Our vibrant church school will conduct this service themselves
June 5 Are You Spiritual But Not Religious? Rev. Edmund Robinson
What does this common phrase mean? What does it say about religion and religious groups. Is it the same as asking the extent to which our souls are fed by solitude or in the company of others?
May 29 Take Up Our Quarrel With the Foe? Really? Rev. Edmund Robinson
Memorial Day honors those who died in wartime. The famous poem “In Flanders Fields” speaks in the voice of the dead soldiers, but then exhorts the living reader to continue the fight. This is a tradition in memorial patriotic rhetoric, from Thermopylae to Gettysburg, that the dead wish the continuation of the conflict through to victory. But if the dead had voices, it is just as likely that they would be urging the readers to go back to their homesteads.
May 22 The Meeting House as the Fountain of Youth? Rev. Edmund Robinson
More than 10% of our members are over the age of ninety! The normal way of looking at this is that the congregation is very elderly. Another way of looking at it is that something about participation on this congregation encourages people to live longer. Is church membership good for longevity?
May 15 Who are the Cape Verdeans? Barbara Burgo
Barbara Burgo, Vice Chair of the Barnstable County Human Rights Commission, and two other representatives of the Cape Verdean community of Cape Cod, will talk about the history of Cape Verdeans here and offer their perspective on the current racial climate in our community.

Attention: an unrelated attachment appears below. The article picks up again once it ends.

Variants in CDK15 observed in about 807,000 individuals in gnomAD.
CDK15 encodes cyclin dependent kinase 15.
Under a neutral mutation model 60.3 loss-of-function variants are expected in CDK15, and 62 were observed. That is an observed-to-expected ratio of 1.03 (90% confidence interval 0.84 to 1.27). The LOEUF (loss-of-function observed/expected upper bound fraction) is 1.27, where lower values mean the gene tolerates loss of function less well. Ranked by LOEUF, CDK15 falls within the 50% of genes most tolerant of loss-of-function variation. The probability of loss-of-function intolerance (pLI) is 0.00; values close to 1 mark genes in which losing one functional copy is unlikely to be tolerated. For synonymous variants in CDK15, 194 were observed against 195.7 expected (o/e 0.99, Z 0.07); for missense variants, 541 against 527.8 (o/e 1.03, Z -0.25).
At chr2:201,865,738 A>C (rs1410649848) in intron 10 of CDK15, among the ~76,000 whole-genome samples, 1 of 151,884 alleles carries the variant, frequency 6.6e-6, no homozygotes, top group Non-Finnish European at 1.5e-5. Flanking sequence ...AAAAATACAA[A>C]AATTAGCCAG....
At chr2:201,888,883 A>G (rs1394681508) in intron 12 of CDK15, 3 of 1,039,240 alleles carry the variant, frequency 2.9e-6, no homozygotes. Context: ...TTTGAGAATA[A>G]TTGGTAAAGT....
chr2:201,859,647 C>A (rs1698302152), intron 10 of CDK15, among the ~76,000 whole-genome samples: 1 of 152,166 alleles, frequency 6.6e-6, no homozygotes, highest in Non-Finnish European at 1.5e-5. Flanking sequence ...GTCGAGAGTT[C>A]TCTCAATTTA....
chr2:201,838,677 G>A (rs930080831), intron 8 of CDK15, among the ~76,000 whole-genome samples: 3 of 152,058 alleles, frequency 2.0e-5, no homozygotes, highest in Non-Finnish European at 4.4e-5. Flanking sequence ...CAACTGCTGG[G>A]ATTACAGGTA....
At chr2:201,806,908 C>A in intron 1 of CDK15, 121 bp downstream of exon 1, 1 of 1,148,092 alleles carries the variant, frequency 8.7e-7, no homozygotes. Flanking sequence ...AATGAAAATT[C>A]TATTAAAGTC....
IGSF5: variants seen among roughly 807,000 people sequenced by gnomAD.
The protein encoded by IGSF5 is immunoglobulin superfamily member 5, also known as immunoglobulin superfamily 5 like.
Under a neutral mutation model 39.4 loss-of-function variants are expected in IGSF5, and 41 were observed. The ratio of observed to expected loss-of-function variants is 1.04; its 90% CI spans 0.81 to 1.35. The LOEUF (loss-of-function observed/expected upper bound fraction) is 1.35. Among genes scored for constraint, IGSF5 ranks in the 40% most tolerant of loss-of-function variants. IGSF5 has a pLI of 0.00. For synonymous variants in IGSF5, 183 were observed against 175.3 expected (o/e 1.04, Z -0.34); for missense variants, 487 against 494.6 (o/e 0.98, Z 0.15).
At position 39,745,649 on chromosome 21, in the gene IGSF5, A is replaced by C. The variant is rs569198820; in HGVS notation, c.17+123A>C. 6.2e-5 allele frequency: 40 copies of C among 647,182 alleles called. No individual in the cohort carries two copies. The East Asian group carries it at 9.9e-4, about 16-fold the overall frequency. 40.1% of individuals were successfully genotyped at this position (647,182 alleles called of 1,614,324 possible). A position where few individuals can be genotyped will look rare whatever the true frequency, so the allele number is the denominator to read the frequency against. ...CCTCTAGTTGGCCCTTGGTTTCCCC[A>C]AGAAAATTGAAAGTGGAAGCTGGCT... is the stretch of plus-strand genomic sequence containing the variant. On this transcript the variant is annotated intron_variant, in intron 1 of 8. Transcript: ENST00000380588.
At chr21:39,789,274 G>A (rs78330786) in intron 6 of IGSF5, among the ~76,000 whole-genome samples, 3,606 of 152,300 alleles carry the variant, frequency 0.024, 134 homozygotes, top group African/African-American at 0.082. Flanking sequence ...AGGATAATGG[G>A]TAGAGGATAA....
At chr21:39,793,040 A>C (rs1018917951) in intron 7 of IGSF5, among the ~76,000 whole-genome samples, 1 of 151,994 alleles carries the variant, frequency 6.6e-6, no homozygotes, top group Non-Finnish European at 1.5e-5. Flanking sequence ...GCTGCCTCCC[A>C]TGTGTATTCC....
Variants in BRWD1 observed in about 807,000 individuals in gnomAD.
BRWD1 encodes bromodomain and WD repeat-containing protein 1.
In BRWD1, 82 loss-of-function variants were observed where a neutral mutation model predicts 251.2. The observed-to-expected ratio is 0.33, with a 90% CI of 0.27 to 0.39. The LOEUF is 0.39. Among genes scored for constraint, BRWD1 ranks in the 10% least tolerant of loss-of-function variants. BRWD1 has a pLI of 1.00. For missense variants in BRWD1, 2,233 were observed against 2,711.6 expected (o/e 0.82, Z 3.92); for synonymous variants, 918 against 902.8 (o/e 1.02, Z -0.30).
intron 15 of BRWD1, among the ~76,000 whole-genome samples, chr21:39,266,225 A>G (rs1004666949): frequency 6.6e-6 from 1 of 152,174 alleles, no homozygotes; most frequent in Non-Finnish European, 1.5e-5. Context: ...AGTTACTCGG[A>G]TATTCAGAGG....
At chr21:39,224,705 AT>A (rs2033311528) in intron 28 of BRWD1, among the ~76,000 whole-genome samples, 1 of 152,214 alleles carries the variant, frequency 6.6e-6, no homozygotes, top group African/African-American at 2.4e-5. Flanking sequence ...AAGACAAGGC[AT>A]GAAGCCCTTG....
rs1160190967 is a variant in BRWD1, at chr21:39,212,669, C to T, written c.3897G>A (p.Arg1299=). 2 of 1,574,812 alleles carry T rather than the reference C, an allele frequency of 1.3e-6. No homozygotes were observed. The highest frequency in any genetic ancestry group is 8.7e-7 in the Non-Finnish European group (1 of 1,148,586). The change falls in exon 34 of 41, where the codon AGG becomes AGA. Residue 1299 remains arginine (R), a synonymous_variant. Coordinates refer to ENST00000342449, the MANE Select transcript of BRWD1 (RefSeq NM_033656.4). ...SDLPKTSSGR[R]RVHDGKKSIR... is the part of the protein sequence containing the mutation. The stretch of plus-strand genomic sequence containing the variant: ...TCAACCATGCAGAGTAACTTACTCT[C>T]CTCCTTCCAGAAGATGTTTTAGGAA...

May 8 Nurturance and Naturance Rev. Edmund Robinson
A Mother’s Day reflection on how we get to be the people we are, which involves DNA, evolution, carpooling, diaper-changing, talks about the birds and bees. What is the role of grandparents? Why do humans and no other animals have menopause?
May 1 Blessings of May Rev. Edmund Robinson
The pagan Celts celebrated May 1 as Beltane, the English knew it as May Day, the international labor movements celebrates it as a day to honor the workers of the world, and the children of the Meeting House will dance with ribbons on the lawn!
April 24 Denial Is Not Just a River in Egypt: An Earth Day Reflection Rev. Edmund Robinson
The refusal of a good part of the American political establishment to accept the reality of human-caused climate change is not mere ignorance, it is the result of a deliberate campaign of misinformation fostered by fossil fuel interests. Corporate America has a sad history of obscuring truth in order to sell harmful products.
April 17 Spring Cleaning Rev. Edmund Robinson
How are we going to bring order into our lives? How are we going to decide what needs to go and what can stay? If the goal is “a place for everything and everything in its place,” how are you going to make room? How will the Thrift Shop help you de-accession the accumulation of a lifetime?
April 10 Nothing Doing Rev. Edmund Robinson
What is meditation? Is it doing anything or is it non-doing? What are the benefits? Is it “religious” and should it be practiced in public schools? (In lieu of a sermon, Edmund conducted a guided meditation.)
April 3 What Is Caesar’s, What is God’s? Rev. Edmund Robinson
What is the dividing line between the political and the religious? The collective rabbis of Reformed Judaism recently released a statement about a presidential candidate’s appeals to bigotry and prejudice. Is this a proper religious witness? What are religious people called to do when a political campaign intrudes on values?